Pragmatic comprehension deficit in Parkinson's disease

Thomas Holtgraves, Patrick McNamara

Research output: Contribution to journalArticlepeer-review

23 Scopus citations


Recognizing the specific speech act (Searle, 1969) that a speaker performs with an utterance is a fundamental feature of pragmatic competence. However, little is known about neurocognitive mediation of speech act comprehension. The present research examined the extent to which people with Parkinson's disease (PD) comprehend specific speech acts. In the first experiment, participants read conversational utterances and then performed a lexical decision task (decide whether a target string of letters was a word). Consistent with past research, nonimpaired participants performed this task more quickly when the target string was the speech act associated with the preceding utterance. In contrast, people with PD did not demonstrate this effect, suggesting that speech act activation is slowed or is not an automatic component of comprehension for people with PD. In a second study, participants were given unlimited time to indicate their recognition of the speech act performed with an utterance. PD participants were significantly poorer at this task than were control participants. We conclude that a previously undocumented language disorder exists in PD and that this disorder involves a selective deficit in speech act comprehension. Frontostriatal systems (the systems impaired in PD) likely contribute to normal speech act comprehension.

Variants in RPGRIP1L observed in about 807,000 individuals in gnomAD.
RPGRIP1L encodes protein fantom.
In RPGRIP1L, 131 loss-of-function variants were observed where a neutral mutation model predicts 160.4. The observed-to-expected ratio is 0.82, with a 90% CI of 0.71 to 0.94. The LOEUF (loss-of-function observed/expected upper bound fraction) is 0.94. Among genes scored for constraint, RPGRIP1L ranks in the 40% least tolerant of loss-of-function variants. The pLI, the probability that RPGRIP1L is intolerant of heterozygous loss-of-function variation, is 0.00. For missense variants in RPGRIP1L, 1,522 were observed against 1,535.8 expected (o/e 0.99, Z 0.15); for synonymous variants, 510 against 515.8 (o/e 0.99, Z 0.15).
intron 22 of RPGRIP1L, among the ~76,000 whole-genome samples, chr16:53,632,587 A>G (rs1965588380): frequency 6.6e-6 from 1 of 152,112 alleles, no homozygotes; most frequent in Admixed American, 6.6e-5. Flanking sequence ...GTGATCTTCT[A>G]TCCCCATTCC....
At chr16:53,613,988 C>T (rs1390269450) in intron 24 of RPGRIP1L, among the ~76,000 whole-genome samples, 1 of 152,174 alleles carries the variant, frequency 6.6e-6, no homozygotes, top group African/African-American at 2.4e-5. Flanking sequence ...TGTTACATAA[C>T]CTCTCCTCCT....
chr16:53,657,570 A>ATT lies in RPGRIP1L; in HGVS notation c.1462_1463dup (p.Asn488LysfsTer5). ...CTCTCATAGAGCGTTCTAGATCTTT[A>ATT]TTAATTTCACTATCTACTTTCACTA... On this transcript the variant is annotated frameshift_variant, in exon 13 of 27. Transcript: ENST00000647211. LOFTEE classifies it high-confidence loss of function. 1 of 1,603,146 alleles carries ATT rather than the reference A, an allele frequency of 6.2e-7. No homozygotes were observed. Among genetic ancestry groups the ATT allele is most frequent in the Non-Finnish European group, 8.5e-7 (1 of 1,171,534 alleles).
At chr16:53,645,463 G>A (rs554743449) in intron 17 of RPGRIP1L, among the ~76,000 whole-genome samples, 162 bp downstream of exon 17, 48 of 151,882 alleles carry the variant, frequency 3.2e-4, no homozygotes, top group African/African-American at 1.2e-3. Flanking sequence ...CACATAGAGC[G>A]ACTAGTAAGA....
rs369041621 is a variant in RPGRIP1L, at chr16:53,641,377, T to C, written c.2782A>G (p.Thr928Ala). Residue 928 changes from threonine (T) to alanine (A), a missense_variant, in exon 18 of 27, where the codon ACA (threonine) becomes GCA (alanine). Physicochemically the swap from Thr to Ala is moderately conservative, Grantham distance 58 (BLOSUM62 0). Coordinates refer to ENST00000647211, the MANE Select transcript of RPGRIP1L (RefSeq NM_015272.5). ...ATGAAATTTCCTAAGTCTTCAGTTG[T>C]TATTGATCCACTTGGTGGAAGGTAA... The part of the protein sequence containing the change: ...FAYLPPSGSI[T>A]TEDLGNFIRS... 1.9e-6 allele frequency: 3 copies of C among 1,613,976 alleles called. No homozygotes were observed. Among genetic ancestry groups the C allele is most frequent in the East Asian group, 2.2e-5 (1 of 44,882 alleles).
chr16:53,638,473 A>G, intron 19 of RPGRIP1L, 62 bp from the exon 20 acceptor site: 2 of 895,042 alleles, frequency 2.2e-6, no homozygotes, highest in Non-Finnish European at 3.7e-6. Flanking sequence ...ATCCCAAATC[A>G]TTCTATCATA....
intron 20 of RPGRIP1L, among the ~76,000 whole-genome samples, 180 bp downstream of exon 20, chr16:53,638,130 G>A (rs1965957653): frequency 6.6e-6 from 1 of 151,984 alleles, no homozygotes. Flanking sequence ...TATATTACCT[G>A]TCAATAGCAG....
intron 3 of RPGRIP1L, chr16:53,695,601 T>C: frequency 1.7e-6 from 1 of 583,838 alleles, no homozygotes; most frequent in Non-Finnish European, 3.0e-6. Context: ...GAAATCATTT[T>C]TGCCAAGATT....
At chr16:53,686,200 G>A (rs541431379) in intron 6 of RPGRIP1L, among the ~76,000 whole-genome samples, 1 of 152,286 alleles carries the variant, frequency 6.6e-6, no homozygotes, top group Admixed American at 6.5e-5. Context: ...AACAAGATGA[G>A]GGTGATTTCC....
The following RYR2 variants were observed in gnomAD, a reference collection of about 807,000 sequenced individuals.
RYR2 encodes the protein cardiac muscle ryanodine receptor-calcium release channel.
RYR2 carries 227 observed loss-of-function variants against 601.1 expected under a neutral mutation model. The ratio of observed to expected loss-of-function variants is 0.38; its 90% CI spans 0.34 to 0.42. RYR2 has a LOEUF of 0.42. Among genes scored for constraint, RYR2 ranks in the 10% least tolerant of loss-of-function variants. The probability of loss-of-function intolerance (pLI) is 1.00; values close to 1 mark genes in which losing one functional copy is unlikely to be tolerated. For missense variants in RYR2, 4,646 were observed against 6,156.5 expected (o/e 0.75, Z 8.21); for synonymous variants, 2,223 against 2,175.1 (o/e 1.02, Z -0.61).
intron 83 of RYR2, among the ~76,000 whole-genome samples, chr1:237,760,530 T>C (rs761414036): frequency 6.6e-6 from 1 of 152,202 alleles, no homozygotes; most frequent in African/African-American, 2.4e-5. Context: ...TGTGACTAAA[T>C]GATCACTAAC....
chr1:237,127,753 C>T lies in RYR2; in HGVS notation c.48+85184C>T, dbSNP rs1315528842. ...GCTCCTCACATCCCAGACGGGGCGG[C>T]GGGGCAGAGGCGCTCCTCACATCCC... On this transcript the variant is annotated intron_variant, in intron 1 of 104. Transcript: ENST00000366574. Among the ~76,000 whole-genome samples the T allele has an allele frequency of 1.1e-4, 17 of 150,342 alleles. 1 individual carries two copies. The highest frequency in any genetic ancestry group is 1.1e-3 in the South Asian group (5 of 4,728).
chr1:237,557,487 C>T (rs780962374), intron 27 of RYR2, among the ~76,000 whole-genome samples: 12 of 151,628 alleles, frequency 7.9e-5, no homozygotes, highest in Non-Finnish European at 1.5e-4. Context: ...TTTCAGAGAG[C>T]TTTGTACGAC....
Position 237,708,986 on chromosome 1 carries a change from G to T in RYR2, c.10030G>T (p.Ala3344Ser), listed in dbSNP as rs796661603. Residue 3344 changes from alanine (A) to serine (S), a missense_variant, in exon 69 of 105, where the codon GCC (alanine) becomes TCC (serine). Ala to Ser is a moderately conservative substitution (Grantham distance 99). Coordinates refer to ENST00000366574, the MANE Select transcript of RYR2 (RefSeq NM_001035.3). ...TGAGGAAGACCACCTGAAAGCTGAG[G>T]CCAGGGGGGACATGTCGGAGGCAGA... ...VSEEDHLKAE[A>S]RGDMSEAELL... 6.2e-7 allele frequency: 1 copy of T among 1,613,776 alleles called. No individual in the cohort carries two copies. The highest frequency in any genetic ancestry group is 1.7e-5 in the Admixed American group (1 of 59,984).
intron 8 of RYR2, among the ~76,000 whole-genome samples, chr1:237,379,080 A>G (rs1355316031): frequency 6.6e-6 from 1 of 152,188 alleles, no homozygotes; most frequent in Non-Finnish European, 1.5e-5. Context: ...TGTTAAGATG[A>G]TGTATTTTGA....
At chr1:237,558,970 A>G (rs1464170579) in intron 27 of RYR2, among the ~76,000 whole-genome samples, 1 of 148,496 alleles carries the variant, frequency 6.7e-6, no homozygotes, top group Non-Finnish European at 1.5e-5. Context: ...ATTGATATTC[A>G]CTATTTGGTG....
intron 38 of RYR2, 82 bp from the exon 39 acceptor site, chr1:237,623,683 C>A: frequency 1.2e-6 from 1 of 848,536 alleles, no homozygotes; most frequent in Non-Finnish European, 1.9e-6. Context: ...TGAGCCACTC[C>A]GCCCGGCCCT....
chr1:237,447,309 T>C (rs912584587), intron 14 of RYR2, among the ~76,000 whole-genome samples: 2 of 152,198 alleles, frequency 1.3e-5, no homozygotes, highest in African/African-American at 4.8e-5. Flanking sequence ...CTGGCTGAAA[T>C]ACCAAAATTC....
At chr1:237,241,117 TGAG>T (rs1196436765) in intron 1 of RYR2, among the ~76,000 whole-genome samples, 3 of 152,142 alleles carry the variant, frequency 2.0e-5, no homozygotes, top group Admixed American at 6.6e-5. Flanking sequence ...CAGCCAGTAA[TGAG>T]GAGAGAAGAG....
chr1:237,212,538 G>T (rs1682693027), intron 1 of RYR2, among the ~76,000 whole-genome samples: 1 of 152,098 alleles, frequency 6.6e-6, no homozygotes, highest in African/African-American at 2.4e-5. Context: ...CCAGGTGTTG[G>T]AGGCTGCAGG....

Original languageEnglish (US)
Pages (from-to)388-397
Number of pages10
JournalJournal of Clinical and Experimental Neuropsychology
Issue number4
StatePublished - Apr 2010
Externally publishedYes

Bibliographical note

Funding Information:
This research was supported by a grant from the National Institute on Deafness and Other Communication Disorders (NIDCD): “Pragmatic Language Skills in Patients with Parkinson’s Disease,” 1R01DC007956–01A2. Address correspondence to Thomas Holtgraves, Department of Psychological Science, Ball State University, Muncie, IN 47306, USA (E-mail:


  • Language comprehension
  • Neurobiology of pragmatic competence
  • Parkinson's disease
  • Psycholinguistics
  • Speech act theory


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